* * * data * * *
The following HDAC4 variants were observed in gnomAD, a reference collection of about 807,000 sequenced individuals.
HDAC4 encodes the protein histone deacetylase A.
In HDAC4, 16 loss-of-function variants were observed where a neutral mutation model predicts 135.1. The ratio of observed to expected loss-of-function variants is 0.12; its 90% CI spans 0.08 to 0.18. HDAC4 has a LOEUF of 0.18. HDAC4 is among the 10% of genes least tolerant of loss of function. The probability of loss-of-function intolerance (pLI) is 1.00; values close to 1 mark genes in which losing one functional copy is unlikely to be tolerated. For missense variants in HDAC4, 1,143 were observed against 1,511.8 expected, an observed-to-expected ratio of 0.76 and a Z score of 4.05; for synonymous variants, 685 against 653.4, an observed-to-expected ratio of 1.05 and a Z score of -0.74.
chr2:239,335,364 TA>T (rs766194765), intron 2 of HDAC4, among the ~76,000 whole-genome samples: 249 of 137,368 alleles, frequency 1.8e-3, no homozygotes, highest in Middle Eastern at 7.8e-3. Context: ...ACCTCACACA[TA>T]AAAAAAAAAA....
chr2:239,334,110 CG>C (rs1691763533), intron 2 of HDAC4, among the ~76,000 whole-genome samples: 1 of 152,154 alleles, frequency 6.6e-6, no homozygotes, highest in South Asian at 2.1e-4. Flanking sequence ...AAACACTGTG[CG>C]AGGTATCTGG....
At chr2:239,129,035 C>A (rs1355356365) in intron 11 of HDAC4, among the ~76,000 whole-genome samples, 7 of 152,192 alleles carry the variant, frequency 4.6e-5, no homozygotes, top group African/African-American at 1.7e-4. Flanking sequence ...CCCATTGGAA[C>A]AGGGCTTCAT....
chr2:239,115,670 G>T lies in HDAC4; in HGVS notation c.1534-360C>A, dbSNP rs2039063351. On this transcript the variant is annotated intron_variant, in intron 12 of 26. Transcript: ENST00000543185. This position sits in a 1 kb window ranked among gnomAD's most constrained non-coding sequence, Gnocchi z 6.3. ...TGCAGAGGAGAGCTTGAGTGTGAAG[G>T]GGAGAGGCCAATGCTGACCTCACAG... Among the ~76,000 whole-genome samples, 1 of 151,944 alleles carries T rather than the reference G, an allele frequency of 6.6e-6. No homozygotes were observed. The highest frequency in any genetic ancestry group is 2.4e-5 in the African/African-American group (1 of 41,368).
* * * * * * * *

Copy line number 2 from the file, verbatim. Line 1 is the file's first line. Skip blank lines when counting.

HDAC4 encodes the protein histone deacetylase A.